By Nancy Crotti Trade group LifeScience Alley predicts that investments in Minnesota life science companies this year will outpace 2013, though the news is more mixed for medtech companies. Venture capital, angel investments and similar funding for Minnesota life science companies was up 65% year-over-year, to $110.5 million, during the second quarter. For the first half of the year, it's up 67%, to $185.9 million, according to St. Louis Park, MN-based LifeScience Alley, which compiled its totals from a variety of private and public reports, as well as press releases and news stories. Most companies, 71 percent, each raised less than $1 million, matching last year's results. The news is more mixed when medtech companies are specifically involved. They raised $89 million during the second quarter, more than double what they raised a year ago. But the number of companies winning funding was nearly halved, to 12. Nevertheless, the report raises a glimmer of hope for young medical device companies that face a funding environment that is still not as rosy as it was before the Great Recession. Reasons offered include the uncertainty around how the Affordable Care Act will change reimbursements for medical devices, not to mention the overall transformation of the U.S. health industry. The FDA's hard-nosed regulating also means that it could take investors years, if ever, to get a payout from a medical device startup or early-stage company. Two companies, Holaira and Inspire Medical, led the way in Minnesota, according to LifeScience Alley. Holaira, which is developing a catheter-based system to treat chronic obstructive pulmonary disease, closed on $42 million in venture financing in April. Inspire Medical landed $40 million in Series E money in May for its work on an implantable system that treats sleep apnea. On the health IT side, Minnesota- based Red Brick Health raised $7.5 million in the second quarter.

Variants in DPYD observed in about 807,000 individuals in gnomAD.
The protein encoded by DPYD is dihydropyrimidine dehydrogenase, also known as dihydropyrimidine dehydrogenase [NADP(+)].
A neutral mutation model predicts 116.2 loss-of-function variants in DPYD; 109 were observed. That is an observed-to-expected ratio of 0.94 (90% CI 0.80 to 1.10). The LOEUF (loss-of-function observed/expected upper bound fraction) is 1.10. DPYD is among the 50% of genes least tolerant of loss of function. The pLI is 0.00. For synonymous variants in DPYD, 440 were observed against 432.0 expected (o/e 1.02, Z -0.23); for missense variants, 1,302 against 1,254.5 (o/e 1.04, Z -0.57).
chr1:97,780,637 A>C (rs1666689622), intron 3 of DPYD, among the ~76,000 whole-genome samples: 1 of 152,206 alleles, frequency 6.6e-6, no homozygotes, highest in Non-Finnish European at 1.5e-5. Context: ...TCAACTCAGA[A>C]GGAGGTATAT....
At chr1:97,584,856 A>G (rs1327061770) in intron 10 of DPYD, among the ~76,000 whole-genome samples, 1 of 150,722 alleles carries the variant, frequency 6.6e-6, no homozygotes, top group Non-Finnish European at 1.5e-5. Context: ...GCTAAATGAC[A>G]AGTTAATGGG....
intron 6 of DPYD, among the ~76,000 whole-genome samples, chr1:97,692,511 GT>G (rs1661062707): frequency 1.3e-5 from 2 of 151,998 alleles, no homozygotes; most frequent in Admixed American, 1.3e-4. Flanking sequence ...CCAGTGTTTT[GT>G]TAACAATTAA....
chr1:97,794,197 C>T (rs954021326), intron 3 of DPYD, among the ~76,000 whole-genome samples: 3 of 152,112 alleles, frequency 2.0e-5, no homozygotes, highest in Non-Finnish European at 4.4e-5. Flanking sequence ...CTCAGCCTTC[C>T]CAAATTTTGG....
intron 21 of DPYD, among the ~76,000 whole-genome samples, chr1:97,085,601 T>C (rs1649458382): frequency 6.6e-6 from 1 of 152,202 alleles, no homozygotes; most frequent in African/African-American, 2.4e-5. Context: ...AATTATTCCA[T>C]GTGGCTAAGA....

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Nancy Crotti is a contributor to Qmed and MPMN.
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